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With regard to Memory usage and variable instantiation which is better or is there no difference :

This

for(int i = 0; i < someValue; i++)
{
    Obj foo = new Obj();
    Use foo.....
}

As opposed to:

Obj foo;

for(int i = 0; i < someValue; i++)
{
    foo = new Obj();
    Use foo.....
}
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1  
The first version is better, because it potentially reduces the lifetime of the object. –  nosid May 26 '12 at 18:38
13  
No difference in terms of memory usage. Stop giving importance to such tiny details and focus on the bigger picture! –  Park Young-Bae May 26 '12 at 18:38
2  
Don't try to do the job of the compiler. –  dystroy May 26 '12 at 18:38
    
@Cicada: this is a totally legitimate question –  leonbloy May 26 '12 at 18:54
2  
@nosid Absolutely not true. Even assuming javac did generate different bytecode, the JIT will do liveness analysis. –  Voo May 26 '12 at 18:58
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6 Answers

up vote 10 down vote accepted

There is no difference. Any potential difference in terms of memory usage would be optimized by the compiler.

If you compile (using javap -c) the two examples and compare the bytecode, you'll find that the bytecode is the same. Of course, this depends on the JVM version. But since this example is so trivial, it's probably safe to assume that neither is more memory efficient than the other.


Example 1:

Code:

public class example1 {
    public static void main(String[] args) {
        for (int i=0; i<10; i++) {
            Object a = new Object();
        }
    }
}

Bytecode:

public class example1 extends java.lang.Object{
public example1();
  Code:
   0:   aload_0
   1:   invokespecial   #1; //Method java/lang/Object."<init>":()V
   4:   return

public static void main(java.lang.String[]);
  Code:
   0:   iconst_0
   1:   istore_1
   2:   iload_1
   3:   bipush  10
   5:   if_icmpge       22
   8:   new     #2; //class java/lang/Object
   11:  dup
   12:  invokespecial   #1; //Method java/lang/Object."<init>":()V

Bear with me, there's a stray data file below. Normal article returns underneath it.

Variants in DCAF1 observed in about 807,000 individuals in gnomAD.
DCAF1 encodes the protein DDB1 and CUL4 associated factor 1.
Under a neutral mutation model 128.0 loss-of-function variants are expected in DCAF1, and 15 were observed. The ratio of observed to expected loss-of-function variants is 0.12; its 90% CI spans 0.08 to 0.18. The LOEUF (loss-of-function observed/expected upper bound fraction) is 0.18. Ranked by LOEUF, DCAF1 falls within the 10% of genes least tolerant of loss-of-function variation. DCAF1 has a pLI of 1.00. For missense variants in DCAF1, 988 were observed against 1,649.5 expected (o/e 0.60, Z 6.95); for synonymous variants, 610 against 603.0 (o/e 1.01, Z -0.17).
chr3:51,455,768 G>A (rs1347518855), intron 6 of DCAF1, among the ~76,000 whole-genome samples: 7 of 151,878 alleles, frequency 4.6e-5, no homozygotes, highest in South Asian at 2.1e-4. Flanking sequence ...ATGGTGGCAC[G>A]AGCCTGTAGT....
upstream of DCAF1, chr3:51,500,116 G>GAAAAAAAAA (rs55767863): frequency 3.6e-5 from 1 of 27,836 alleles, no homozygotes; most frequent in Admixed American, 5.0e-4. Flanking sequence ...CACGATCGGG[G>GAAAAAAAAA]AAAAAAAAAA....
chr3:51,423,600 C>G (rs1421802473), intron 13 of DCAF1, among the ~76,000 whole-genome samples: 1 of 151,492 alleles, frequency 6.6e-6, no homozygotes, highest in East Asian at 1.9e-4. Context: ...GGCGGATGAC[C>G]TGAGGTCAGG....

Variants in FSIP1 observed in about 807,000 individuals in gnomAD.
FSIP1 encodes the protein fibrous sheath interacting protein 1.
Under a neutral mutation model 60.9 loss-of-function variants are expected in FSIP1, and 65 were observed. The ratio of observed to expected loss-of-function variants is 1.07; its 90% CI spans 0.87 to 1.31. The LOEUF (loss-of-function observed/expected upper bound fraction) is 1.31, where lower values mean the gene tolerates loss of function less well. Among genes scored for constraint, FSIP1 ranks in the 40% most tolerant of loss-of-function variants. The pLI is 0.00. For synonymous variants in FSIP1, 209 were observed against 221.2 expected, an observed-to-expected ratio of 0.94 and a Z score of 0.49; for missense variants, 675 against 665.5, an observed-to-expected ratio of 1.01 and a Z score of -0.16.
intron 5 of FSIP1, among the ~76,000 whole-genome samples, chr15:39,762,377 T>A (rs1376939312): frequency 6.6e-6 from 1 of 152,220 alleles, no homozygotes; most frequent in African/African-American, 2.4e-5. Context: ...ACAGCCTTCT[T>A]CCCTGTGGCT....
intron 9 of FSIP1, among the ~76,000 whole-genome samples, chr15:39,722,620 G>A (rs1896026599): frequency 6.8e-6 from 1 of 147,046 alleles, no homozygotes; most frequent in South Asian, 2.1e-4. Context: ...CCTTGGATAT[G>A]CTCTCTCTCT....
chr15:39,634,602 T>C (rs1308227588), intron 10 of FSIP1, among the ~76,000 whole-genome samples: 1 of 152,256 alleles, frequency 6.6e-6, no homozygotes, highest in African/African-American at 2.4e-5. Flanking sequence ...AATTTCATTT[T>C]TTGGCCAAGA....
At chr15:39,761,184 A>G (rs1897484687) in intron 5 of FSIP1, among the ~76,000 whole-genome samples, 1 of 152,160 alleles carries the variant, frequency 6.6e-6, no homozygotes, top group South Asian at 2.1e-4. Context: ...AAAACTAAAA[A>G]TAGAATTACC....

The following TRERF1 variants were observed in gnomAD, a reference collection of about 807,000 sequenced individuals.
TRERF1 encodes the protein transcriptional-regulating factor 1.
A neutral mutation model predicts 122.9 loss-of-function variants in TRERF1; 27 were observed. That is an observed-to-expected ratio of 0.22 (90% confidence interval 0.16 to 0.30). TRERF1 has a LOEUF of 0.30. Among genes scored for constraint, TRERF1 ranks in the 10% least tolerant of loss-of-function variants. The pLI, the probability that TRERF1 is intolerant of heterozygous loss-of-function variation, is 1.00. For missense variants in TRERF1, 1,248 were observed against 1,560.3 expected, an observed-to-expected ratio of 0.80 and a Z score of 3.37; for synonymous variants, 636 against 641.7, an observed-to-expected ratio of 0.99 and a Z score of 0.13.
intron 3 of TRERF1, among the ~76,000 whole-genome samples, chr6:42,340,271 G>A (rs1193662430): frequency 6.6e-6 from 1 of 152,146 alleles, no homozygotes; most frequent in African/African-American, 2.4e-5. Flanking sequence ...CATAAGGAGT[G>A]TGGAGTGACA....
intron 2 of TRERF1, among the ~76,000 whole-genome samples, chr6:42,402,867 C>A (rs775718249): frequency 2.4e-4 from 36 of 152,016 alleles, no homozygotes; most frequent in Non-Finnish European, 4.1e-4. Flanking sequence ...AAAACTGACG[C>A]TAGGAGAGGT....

15:  astore_2
   16:  iinc    1, 1
   19:  goto    2
   22:  return
}

Example 2:

Code:

public class example2 {
    public static void main(String[] args) {
        Object a;
        for (int i=0; i<10; i++) {
            a = new Object();
        }
    }
}

Bytecode:

public class example2 extends java.lang.Object{
public example2();
  Code:
   0:   aload_0
   1:   invokespecial   #1; //Method java/lang/Object."<init>":()V
   4:   return

public static void main(java.lang.String[]);
  Code:
   0:   iconst_0
   1:   istore_2
   2:   iload_2
   3:   bipush  10
   5:   if_icmpge       22
   8:   new     #2; //class java/lang/Object
   11:  dup
   12:  invokespecial   #1; //Method java/lang/Object."<init>":()V
   15:  astore_1
   16:  iinc    2, 1
   19:  goto    2
   22:  return
}
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2  
Now This was quick thinking - Kudos –  Aiden Strydom May 26 '12 at 18:47
1  
i would prefer the second one (which declares the variable outside of the loop) , so that for debugging i would see the current value of the variable and that it won't become invisible and visible on each loop iteration. –  android developer May 26 '12 at 21:47
2  
Joshua Bloch (author of Effective Java) would argue otherwise, as described in Item 45: Minimize the scope of local variables. :) –  Alex Lockwood May 26 '12 at 23:11
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With modern JVM both will work the same, also compiler optimization will take make both of them same.

Ignoring compiler optimization and modern JVM, 1st approach is better.

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2